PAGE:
Sports » Feature | Oct. 7
Earlier this month, the New York Knicks announced that Steve Mills ’81 will replace Glen Grunwald as the team’s president and general manager. During Grunwald’s two-year tenure, the Knicks attained their two highest winning percentages since 2001 and ended a postseason victory drought of 13 seasons. Mills will pick up where he left off, hoping to send the team past the second round of the playoffs for the first time since 2000.
At Princeton, Mills majored in sociology and won two Ivy League Championships under the legendary Pete Carril before logging one season of professional basketball in Ecuador. From there, he spent 16 years working his way up the NBA’s executive ranks and was later named Madison Square Garden’s president and COO in 2003. Mills left the position in 2009 to join Magic Johnson Enterprises, where he worked until being called back to the Knicks.
An active supporter of Princeton’s athletic community, Mills credits the professional success he has enjoyed to the preparation with which his alma mater provided him on and off the court.
“When you’re fortunate enough to be at a place where you can attack athletics with a tremendous amount of vigor, but at the same time be in a very stimulating academic environment — that’s a unique opportunity,” he said.
One particularly strong source of knowledge for Mills was his head coach, 13-time Ivy League Champion Pete Carril. Mills believes that the same lessons Carril used to make his players successful teammates have translated to their professional lives years later.
“[Coach Carril] taught us how to be disciplined,” he said. “He told us how to be honest and about looking at our deficiencies and trying to improve them.”
Outside Jadwin Gym, Mills sought counsel from Princeton faculty members — most notably professor Marvin Bressler of the sociology department. Bressler took a particular interest in mentoring the basketball team and the rest of Princeton’s athletes, striving to facilitate their academic and social transitions to college life.
When Mills decided he wanted to return the favor by teaching a class of his own at Princeton, it was Bressler he called to discuss his options. Hoping to relay the wisdom he had gained from his career to younger students and athletes as Bressler had once done for him, he taught a freshman seminar titled, “Dilemmas in Intercollegiate and Professional Athletics.”
But educating Princeton freshmen – including current senior forward Will Barrett and senior guard Jimmy Sherburn of the men’s basketball team – is only one of the ways Mills has worked to remain involved with Princeton athletics. A current member of the Princeton Varsity Club’s board, Mills served on the search committee that hired head basketball coach Mitch Henderson in 2011. He frequently attends men’s and women’s basketball practices and plans on-campus visits to meet recruits.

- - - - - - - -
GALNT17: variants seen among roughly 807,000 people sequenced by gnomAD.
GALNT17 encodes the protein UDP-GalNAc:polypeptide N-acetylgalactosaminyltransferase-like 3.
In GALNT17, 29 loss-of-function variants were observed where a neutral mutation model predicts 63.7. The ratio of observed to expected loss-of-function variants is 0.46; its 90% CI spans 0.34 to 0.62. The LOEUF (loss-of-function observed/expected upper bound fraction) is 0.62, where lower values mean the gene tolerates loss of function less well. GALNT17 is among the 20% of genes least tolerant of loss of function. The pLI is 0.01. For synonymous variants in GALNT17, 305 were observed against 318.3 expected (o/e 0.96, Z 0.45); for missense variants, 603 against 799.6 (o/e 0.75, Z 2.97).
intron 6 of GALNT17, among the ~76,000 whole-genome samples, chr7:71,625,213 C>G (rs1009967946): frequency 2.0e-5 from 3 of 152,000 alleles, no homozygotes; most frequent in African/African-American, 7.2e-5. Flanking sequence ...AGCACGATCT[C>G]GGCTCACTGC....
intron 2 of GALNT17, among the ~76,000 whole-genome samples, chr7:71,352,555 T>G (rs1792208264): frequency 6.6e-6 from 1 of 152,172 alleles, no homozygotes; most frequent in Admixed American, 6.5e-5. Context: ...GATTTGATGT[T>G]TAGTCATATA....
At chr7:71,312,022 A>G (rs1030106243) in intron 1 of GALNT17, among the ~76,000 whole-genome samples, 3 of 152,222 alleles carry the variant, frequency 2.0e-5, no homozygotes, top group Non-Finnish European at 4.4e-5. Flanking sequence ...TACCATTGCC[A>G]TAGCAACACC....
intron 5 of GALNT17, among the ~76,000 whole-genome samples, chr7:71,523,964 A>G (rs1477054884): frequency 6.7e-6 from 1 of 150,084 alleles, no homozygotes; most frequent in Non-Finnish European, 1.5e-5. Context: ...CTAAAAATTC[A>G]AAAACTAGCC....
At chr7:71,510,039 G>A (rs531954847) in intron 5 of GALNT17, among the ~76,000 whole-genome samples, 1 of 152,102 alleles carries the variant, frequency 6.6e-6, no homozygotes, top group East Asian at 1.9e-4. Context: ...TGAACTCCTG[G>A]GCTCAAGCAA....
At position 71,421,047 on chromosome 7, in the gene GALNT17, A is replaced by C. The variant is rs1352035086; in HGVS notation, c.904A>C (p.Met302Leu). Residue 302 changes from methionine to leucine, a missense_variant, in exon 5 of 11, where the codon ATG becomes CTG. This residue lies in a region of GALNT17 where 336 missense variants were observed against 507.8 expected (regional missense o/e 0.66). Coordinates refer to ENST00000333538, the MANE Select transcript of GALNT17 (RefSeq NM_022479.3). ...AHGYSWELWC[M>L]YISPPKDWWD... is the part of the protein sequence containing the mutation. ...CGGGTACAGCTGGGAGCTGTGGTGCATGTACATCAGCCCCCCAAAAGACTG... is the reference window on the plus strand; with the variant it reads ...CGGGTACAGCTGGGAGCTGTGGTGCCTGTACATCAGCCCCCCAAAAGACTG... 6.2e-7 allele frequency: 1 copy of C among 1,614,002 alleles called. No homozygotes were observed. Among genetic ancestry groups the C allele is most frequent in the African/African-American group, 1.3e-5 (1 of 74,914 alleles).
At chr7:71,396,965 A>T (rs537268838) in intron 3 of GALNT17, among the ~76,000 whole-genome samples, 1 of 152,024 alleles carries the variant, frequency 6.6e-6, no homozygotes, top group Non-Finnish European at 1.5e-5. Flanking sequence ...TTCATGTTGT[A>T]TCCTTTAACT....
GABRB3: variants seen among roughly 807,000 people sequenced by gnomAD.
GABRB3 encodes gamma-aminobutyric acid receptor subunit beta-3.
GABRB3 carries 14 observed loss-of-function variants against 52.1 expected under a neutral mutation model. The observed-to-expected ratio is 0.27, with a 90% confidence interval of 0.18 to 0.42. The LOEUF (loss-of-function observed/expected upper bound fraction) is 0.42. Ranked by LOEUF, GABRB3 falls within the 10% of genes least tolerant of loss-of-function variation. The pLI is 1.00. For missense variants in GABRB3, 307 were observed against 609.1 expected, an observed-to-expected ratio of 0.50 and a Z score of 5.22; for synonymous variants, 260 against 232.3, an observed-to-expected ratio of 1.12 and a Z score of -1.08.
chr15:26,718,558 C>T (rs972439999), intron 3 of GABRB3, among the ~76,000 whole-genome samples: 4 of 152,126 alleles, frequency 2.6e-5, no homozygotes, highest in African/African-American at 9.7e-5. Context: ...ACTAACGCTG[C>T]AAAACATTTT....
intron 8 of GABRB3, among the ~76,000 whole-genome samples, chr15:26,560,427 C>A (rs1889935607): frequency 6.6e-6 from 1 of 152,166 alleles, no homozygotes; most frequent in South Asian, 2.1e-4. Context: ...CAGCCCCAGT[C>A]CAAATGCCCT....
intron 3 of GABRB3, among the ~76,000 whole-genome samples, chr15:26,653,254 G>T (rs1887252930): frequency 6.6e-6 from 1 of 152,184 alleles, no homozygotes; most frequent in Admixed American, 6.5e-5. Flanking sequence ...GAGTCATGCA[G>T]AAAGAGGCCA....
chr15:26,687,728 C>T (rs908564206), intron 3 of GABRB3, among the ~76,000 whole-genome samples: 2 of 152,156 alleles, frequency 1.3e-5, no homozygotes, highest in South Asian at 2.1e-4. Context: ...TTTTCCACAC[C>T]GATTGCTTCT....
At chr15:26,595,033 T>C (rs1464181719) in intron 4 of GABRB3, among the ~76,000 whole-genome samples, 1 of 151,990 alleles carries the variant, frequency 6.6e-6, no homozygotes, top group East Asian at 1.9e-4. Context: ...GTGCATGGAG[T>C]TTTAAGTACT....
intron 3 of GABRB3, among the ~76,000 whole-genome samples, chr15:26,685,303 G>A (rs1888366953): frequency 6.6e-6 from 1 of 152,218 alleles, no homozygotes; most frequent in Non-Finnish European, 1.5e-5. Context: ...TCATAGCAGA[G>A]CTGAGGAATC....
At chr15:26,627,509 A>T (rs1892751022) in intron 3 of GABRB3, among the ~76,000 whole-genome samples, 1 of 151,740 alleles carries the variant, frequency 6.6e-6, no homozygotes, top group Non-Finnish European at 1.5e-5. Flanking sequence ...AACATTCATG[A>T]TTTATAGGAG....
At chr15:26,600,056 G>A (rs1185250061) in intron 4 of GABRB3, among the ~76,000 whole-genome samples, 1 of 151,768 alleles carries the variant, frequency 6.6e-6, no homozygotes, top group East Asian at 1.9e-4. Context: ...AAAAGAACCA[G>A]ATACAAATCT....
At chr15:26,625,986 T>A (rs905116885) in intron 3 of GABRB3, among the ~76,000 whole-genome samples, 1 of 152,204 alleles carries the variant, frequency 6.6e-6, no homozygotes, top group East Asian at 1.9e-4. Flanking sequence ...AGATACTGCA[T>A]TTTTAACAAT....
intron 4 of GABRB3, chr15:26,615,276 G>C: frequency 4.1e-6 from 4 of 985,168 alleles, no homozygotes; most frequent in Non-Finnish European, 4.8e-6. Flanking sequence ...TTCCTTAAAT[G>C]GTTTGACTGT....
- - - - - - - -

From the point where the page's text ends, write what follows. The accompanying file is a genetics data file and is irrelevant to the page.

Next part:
Grateful for the positive influences of Carril and Bressel, Mills desires to help young athletes succeed beyond the scope of their sport. This same perspective will guide his approach to leading professional players as the GM of the Knicks, where he hopes his impact will transcend the game of basketball.
“[The Knicks] understand that part of what I want to do is make sure that they’re successful people in addition to being great basketball players,” he said. “Virtually all the guys on the team have come in to sit down with me and talk about … what we need to do to be successful as a team and try to win a championship. But it’s also important for me to have conversations about what kind of support they need to be successful when they’re out in the real world, away from the Knicks.”
Mills describes himself as a “players’ guy” and feels he can relate to the backgrounds of his athletes. One particular place he wants to make a difference is with 28-year-old shooting guard J.R. Smith, who has received five separate NBA suspensions since 2006. Mills says even before he accepted the new job, Smith had begun seeking advice with Mills for improving his off-the-court issues.
When questioned about Smith’s conspicuous absence from his otherwise active Twitter page, Mills dismissed the superstar’s notorious social media troubles as the reason.
“Oh no, I just haven’t gotten around to following J.R.,” he said with a laugh. “J.R. and I have a great relationship, and I’ll have to go and make sure I follow him as soon as we hang up.”
Just as he has to Princeton athletics and the principles they have instilled in him, Mills remained true to his promise — he was following @TheRealJRSmith within an hour of his interview with the ‘Prince.’